As the dust settles on Facebook's botched IPO, a lot of fingers are being pointed, regulators are investigating and at least one class action lawsuit has been filed against Morgan Stanley and Facebook.
"There are issues that we need to look at specifically with respect to Facebook," SEC Chair Mary Schapiro told reporters Tuesday after testifying before the Senate Banking Committee.
The handling of Facebook's IPO is "a matter of regulatory concern," said Rick Ketchum of the Financial Industry Regulatory Authority, Wall Street's self-regulatory agency (yes, they have one).
In addition, the top securities regulator in Massachusetts has subpoenaed Morgan Stanley amid reports that the securities firm, who was the lead underwriter on the IPO, selectively disclosed material information about Facebook right before the offering.
"There's a real chance Morgan Stanley will have legal liability," says Andrew Stoltmann, a securities attorney and principal at Stoltmann Law Offices in Chicago. "Other underwriters might as well. We will see as regulatory investigations expand who else might be liable."
According to Stoltmann, Morgan Stanley would be in violation of the 1934 Securities Act if the company -- as had been widely reported -- cut its earnings forecasts in the middle of the roadshow after receiving material information from Facebook, but only told select clients. (See: Facebook Bankers Secretly Cut Facebook's Revenue Estimates In Middle Of IPO Roadshow)
Rule 10b-5 of the 1934 Act prohibits the use of any "device, scheme, or artifice to defraud," and creates liability for any misstatement or omission of a material fact, or one that investors would think was important to their decision to buy or sell the stock, as explained on Cornell University Law School's Web site.
As lead underwriter of the IPO, Morgan Stanley's "duties are heightened" as it pertains to material disclosures, according to Stoltmann. "It's a little early to say definitely where there's been any violation but certainly at first blush" it appears there has.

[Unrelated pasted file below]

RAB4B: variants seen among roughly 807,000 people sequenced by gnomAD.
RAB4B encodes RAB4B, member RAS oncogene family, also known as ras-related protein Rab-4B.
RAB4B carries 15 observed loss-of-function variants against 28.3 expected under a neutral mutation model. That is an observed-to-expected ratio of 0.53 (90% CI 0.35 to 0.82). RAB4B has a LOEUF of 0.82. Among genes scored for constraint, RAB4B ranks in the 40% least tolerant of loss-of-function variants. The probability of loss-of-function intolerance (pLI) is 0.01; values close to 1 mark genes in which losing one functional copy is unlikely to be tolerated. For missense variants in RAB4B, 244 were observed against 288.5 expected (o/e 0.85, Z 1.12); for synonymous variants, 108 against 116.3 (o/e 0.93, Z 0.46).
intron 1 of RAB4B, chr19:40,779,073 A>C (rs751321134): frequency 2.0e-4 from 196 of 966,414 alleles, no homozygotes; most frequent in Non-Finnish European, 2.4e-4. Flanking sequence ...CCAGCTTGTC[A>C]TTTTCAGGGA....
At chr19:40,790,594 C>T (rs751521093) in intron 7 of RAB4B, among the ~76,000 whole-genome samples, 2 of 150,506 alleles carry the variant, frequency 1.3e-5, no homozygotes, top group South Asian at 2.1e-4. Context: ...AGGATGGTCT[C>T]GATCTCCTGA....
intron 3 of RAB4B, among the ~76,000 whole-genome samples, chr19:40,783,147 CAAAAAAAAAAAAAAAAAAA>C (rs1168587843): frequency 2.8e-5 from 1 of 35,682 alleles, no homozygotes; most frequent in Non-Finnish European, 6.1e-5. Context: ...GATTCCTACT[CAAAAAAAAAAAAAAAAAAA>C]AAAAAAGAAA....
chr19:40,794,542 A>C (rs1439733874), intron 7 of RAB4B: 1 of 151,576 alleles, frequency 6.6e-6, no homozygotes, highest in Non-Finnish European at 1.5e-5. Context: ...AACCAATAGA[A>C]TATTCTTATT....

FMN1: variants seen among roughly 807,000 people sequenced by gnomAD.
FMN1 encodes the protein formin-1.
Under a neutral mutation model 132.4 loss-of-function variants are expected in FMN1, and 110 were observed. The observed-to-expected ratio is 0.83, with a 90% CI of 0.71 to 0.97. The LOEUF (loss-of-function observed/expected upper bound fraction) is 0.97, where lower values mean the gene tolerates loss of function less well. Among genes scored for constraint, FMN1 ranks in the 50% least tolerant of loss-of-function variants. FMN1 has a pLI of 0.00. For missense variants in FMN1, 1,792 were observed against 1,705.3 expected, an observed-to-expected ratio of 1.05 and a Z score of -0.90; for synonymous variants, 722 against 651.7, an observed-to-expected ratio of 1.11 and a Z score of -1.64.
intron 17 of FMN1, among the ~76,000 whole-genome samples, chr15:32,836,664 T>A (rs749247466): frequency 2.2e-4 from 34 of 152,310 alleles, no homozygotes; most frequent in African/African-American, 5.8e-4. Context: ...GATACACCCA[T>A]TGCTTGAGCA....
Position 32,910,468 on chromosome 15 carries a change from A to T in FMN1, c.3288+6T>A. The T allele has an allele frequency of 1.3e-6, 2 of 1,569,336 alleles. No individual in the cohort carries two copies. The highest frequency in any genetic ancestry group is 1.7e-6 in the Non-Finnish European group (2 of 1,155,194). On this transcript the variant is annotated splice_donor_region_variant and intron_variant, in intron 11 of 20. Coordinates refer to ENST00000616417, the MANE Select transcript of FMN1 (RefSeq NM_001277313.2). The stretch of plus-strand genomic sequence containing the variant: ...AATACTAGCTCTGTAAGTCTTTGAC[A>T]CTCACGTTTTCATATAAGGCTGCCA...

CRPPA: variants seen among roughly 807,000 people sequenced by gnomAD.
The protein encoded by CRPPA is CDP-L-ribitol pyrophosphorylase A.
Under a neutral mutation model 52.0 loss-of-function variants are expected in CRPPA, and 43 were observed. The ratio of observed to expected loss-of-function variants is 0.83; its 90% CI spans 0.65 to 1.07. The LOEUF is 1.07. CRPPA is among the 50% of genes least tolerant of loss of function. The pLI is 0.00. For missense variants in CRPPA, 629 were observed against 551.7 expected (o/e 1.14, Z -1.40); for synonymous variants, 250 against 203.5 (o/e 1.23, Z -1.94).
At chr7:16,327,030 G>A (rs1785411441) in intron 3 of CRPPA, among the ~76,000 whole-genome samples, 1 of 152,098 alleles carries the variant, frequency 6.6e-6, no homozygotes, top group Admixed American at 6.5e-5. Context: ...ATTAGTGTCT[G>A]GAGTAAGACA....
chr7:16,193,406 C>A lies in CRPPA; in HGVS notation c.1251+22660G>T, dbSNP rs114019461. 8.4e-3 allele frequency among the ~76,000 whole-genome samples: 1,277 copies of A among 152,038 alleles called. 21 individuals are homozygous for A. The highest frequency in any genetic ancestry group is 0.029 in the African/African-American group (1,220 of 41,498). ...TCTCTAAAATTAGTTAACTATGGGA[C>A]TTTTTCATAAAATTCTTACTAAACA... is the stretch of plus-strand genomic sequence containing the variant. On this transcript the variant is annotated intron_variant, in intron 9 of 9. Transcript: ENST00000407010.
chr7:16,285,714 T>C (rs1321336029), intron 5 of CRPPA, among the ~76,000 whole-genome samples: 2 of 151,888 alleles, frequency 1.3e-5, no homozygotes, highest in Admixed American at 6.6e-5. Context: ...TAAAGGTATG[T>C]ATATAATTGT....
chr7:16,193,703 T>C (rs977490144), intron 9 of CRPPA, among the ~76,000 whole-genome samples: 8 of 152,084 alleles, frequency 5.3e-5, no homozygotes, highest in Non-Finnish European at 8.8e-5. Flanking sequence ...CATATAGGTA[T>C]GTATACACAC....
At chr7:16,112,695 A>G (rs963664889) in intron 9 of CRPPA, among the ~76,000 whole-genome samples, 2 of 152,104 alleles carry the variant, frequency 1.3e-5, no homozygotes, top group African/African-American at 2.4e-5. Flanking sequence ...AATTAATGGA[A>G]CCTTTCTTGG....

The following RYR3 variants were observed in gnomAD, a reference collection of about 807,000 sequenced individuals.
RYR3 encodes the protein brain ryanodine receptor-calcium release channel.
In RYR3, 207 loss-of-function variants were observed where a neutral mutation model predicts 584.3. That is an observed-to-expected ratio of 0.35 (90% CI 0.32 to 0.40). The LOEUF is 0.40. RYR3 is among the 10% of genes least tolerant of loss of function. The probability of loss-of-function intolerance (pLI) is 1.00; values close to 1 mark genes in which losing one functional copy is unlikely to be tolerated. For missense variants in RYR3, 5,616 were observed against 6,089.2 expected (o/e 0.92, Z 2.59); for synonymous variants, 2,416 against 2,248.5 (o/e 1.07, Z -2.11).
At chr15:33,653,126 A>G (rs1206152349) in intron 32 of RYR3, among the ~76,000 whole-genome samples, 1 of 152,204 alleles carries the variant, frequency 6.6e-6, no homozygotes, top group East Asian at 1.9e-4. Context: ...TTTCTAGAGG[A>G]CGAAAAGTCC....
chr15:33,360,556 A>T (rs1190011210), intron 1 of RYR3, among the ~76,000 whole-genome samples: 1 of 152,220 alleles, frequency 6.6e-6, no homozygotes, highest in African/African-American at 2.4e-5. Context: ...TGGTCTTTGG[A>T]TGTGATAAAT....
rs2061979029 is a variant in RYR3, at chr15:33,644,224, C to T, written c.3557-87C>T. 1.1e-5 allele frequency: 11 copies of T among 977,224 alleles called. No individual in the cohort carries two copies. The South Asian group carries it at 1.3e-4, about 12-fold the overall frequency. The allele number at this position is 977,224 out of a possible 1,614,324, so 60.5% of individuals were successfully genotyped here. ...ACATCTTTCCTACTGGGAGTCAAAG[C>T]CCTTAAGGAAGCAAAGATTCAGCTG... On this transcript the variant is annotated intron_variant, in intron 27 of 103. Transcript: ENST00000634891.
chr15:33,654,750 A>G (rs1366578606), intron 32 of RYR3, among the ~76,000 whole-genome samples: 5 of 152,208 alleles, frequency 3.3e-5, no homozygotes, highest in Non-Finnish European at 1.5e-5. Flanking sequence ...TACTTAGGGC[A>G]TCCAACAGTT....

A Morgan Stanley publicist told Reuters that the firm "followed the same procedures for the Facebook offering that it follows for all IPOs. These procedures are in compliance with all applicable regulations."
Morgan Stanley "will likely point its finger at Nasdaq," Stoltmann speculates. At least one investor has sued Nasdaq OMX, Bloomberg reports, claiming the exchange "badly mishandled" the offering. (See: "Crisis Meltdown" at Nasdaq Mars Facebook IPO)
As for Facebook, it would appear to have violated Reg FD. The 2000 law makes it illegal for publicly traded companies to selectively disclose material information, as Facebook executives (likely CFO David Ebersman) are alleged to have done.
That said, because Facebook was not yet a publicly traded company at the time, it's unclear whether Reg FD applies, Stoltmann adds.
Investors who feel they have a case can join the class action lawsuit, although those typically take years to resolve and "usually lead to a really small settlement," according to Stoltmann.
However, if a broker recommended Facebook shares to you and you sustained losses -- as anyone who bought the IPO has to date -- Stoltmann says you can file an arbitration claim against the broker, the brokerage firm and Morgan Stanley as well.
In the end, the Facebook IPO cost investors millions of dollars and further damaged confidence in the market but, rest assured, the lawyers will get paid.
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